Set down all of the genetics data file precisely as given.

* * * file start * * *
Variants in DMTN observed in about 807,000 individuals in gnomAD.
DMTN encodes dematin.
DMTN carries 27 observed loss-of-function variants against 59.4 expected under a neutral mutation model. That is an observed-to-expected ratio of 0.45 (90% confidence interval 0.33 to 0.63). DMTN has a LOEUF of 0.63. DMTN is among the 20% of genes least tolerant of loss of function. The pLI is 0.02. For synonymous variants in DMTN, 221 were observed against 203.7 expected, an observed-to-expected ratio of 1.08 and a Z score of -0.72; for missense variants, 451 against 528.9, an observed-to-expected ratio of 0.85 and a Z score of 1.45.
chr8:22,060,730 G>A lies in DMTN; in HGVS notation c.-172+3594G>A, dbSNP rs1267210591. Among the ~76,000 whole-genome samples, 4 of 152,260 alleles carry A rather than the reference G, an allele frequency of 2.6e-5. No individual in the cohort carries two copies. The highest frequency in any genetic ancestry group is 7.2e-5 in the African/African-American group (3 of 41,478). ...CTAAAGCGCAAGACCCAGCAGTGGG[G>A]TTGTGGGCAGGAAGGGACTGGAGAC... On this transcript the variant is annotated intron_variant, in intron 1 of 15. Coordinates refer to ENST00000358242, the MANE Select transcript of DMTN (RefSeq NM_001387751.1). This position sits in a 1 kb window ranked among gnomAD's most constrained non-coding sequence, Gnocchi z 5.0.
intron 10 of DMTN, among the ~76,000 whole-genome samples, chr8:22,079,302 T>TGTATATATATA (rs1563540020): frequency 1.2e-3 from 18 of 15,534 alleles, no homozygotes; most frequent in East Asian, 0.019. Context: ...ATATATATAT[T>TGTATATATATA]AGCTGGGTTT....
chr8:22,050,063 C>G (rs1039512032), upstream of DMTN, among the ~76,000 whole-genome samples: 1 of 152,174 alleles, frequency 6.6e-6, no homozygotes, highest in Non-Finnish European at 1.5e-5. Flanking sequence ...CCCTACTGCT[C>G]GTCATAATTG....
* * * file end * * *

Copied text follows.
Variants in DMTN observed in about 807,000 individuals in gnomAD.
DMTN encodes dematin.
DMTN carries 27 observed loss-of-function variants against 59.4 expected under a neutral mutation model. That is an observed-to-expected ratio of 0.45 (90% confidence interval 0.33 to 0.63). DMTN has a LOEUF of 0.63. DMTN is among the 20% of genes least tolerant of loss of function. The pLI is 0.02. For synonymous variants in DMTN, 221 were observed against 203.7 expected, an observed-to-expected ratio of 1.08 and a Z score of -0.72; for missense variants, 451 against 528.9, an observed-to-expected ratio of 0.85 and a Z score of 1.45.
chr8:22,060,730 G>A lies in DMTN; in HGVS notation c.-172+3594G>A, dbSNP rs1267210591. Among the ~76,000 whole-genome samples, 4 of 152,260 alleles carry A rather than the reference G, an allele frequency of 2.6e-5. No individual in the cohort carries two copies. The highest frequency in any genetic ancestry group is 7.2e-5 in the African/African-American group (3 of 41,478). ...CTAAAGCGCAAGACCCAGCAGTGGG[G>A]TTGTGGGCAGGAAGGGACTGGAGAC... On this transcript the variant is annotated intron_variant, in intron 1 of 15. Coordinates refer to ENST00000358242, the MANE Select transcript of DMTN (RefSeq NM_001387751.1). This position sits in a 1 kb window ranked among gnomAD's most constrained non-coding sequence, Gnocchi z 5.0.
intron 10 of DMTN, among the ~76,000 whole-genome samples, chr8:22,079,302 T>TGTATATATATA (rs1563540020): frequency 1.2e-3 from 18 of 15,534 alleles, no homozygotes; most frequent in East Asian, 0.019. Context: ...ATATATATAT[T>TGTATATATATA]AGCTGGGTTT....
chr8:22,050,063 C>G (rs1039512032), upstream of DMTN, among the ~76,000 whole-genome samples: 1 of 152,174 alleles, frequency 6.6e-6, no homozygotes, highest in Non-Finnish European at 1.5e-5. Flanking sequence ...CCCTACTGCT[C>G]GTCATAATTG....